abstract = "Objective: To determine the association of cytomegalovirus (CMV) viremia with mortality and CMV retinitis progression in newly diagnosed and relapsed CMV retinitis. Design: Ancillary study of a randomized, placebo-controlled, phase III clinical trial. Patients: A total of 83 patients with AIDS and CMV retinitis, enrolled during the first phase of the Monoclonal Antibody Cytomegalovirus Retinitis Trial, were administered MSL-109 or placebo as adjuvant therapy for CMV retinitis. Main outcome measure(s): Mortality and CMV retinitis progression. Results: Treatment with MSL-109 did not predict either progression of CMV retinitis or mortality. Detection in plasma CMV DNA at baseline predicted mortality, but CMV antigenemia did not. CMV DNA was a better predictor of mortality than a high HIV viral load. Neither CMV DNA nor antigenemia predicted the progression of CMV retinitis. Among newly diagnosed patients, there was a decline in the proportion with detectable CMV viral load and CMV antigenemia in response to anti-CMV therapy. However, there was a rebound in CMV viral load to 25{\%} and CMV antigenemia to 54.6{\%} at 6 months. In relapsed patients, anti-CMV therapy was not associated with a change in the percentage with detectable CMV-DNA or CMV antigenemia over time. Conclusion: In patients with AIDS and CMV retinitis, the detection of plasma CMV DNA was associated with a higher risk of mortality than was a high HIV viral load. Anti-CMV therapy provided a transient reduction in CMV viremia in newly diagnosed but not relapsed patients with CMV retinitis. Adjuvant therapy with MSL-109 was ineffective in clearing CMV-DNA and CMV antigen from the plasma.",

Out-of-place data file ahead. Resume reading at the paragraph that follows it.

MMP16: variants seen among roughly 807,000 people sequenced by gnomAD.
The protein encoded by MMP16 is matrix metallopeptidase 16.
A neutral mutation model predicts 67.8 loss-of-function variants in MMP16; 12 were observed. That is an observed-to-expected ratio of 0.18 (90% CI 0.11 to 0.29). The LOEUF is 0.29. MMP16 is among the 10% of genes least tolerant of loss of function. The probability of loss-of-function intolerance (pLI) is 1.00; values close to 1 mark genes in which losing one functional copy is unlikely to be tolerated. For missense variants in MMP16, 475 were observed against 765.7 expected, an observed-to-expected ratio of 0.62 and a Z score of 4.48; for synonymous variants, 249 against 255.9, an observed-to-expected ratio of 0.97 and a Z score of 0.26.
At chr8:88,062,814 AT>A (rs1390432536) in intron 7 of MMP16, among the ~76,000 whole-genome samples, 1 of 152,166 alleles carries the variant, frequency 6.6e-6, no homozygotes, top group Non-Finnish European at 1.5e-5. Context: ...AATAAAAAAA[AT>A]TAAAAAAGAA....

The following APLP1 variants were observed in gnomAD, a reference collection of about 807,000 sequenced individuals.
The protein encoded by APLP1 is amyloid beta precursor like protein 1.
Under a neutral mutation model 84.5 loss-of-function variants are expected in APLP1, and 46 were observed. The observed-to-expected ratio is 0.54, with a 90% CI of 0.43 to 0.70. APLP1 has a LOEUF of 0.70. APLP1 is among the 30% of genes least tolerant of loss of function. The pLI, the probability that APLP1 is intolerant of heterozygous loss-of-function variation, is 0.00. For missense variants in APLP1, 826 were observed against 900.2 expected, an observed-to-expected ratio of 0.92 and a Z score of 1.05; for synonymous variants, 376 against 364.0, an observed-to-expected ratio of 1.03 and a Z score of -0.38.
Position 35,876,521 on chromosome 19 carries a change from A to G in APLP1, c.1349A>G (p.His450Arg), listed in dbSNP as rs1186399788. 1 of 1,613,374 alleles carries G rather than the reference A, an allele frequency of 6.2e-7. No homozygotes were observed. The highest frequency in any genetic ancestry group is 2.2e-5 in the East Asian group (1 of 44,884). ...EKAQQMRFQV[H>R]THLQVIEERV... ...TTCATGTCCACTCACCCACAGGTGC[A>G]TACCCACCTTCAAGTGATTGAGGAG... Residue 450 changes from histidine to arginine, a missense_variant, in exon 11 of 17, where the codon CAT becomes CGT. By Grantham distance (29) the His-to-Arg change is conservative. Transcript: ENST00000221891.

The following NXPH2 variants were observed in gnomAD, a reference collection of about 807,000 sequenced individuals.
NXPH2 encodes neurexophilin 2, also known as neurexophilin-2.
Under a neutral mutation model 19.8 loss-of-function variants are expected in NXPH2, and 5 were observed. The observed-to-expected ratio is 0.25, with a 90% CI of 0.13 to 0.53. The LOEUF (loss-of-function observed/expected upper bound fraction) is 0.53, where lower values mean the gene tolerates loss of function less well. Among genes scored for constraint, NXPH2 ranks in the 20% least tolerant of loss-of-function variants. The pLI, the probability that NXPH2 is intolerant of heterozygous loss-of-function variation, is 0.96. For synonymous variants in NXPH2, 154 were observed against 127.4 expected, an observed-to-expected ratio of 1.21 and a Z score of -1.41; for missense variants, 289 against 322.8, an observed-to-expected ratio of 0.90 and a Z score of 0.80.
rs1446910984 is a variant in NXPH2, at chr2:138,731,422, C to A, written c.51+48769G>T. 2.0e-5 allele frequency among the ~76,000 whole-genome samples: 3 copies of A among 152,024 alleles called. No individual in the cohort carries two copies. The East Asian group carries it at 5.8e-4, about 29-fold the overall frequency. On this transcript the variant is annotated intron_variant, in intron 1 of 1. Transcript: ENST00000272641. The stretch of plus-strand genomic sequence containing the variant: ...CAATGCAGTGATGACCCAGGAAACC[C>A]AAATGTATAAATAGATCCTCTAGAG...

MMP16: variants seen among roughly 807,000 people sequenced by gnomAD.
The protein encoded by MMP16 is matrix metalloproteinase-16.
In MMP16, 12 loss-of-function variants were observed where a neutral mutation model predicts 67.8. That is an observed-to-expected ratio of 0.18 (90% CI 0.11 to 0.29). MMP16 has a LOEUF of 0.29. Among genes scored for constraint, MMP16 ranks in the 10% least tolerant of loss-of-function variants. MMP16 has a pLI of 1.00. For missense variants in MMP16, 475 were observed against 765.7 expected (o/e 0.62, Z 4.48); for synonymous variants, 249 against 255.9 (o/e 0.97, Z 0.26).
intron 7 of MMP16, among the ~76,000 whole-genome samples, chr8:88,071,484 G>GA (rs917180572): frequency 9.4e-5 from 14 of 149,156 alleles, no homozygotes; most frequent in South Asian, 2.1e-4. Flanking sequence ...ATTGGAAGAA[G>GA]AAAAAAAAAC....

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AB - Objective: To determine the association of cytomegalovirus (CMV) viremia with mortality and CMV retinitis progression in newly diagnosed and relapsed CMV retinitis. Design: Ancillary study of a randomized, placebo-controlled, phase III clinical trial. Patients: A total of 83 patients with AIDS and CMV retinitis, enrolled during the first phase of the Monoclonal Antibody Cytomegalovirus Retinitis Trial, were administered MSL-109 or placebo as adjuvant therapy for CMV retinitis. Main outcome measure(s): Mortality and CMV retinitis progression. Results: Treatment with MSL-109 did not predict either progression of CMV retinitis or mortality. Detection in plasma CMV DNA at baseline predicted mortality, but CMV antigenemia did not. CMV DNA was a better predictor of mortality than a high HIV viral load. Neither CMV DNA nor antigenemia predicted the progression of CMV retinitis. Among newly diagnosed patients, there was a decline in the proportion with detectable CMV viral load and CMV antigenemia in response to anti-CMV therapy. However, there was a rebound in CMV viral load to 25% and CMV antigenemia to 54.6% at 6 months. In relapsed patients, anti-CMV therapy was not associated with a change in the percentage with detectable CMV-DNA or CMV antigenemia over time. Conclusion: In patients with AIDS and CMV retinitis, the detection of plasma CMV DNA was associated with a higher risk of mortality than was a high HIV viral load. Anti-CMV therapy provided a transient reduction in CMV viremia in newly diagnosed but not relapsed patients with CMV retinitis. Adjuvant therapy with MSL-109 was ineffective in clearing CMV-DNA and CMV antigen from the plasma.